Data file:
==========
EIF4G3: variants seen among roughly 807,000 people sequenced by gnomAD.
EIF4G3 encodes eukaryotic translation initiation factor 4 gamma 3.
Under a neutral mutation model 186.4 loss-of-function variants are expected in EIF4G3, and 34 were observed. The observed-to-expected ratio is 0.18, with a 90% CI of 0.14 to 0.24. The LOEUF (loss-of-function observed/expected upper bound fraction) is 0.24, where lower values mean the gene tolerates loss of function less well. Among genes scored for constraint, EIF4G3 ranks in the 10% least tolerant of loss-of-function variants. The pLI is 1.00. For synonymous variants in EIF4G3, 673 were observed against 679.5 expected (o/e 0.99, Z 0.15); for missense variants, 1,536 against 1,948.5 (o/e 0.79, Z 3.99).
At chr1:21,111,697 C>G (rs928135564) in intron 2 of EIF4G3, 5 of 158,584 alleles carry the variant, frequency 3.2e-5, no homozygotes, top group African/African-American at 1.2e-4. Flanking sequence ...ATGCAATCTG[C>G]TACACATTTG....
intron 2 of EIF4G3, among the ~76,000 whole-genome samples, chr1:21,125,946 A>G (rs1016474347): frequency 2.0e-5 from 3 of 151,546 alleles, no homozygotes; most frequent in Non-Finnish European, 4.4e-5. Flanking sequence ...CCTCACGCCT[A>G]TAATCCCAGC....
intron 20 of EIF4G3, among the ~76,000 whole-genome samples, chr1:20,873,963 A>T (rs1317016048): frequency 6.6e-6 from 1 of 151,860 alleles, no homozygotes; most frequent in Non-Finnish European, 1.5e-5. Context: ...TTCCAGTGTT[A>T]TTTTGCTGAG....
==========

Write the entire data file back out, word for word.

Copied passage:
EIF4G3: variants seen among roughly 807,000 people sequenced by gnomAD.
EIF4G3 encodes eukaryotic translation initiation factor 4 gamma 3.
Under a neutral mutation model 186.4 loss-of-function variants are expected in EIF4G3, and 34 were observed. The observed-to-expected ratio is 0.18, with a 90% CI of 0.14 to 0.24. The LOEUF (loss-of-function observed/expected upper bound fraction) is 0.24, where lower values mean the gene tolerates loss of function less well. Among genes scored for constraint, EIF4G3 ranks in the 10% least tolerant of loss-of-function variants. The pLI is 1.00. For synonymous variants in EIF4G3, 673 were observed against 679.5 expected (o/e 0.99, Z 0.15); for missense variants, 1,536 against 1,948.5 (o/e 0.79, Z 3.99).
At chr1:21,111,697 C>G (rs928135564) in intron 2 of EIF4G3, 5 of 158,584 alleles carry the variant, frequency 3.2e-5, no homozygotes, top group African/African-American at 1.2e-4. Flanking sequence ...ATGCAATCTG[C>G]TACACATTTG....
intron 2 of EIF4G3, among the ~76,000 whole-genome samples, chr1:21,125,946 A>G (rs1016474347): frequency 2.0e-5 from 3 of 151,546 alleles, no homozygotes; most frequent in Non-Finnish European, 4.4e-5. Flanking sequence ...CCTCACGCCT[A>G]TAATCCCAGC....
intron 20 of EIF4G3, among the ~76,000 whole-genome samples, chr1:20,873,963 A>T (rs1317016048): frequency 6.6e-6 from 1 of 151,860 alleles, no homozygotes; most frequent in Non-Finnish European, 1.5e-5. Context: ...TTCCAGTGTT[A>T]TTTTGCTGAG....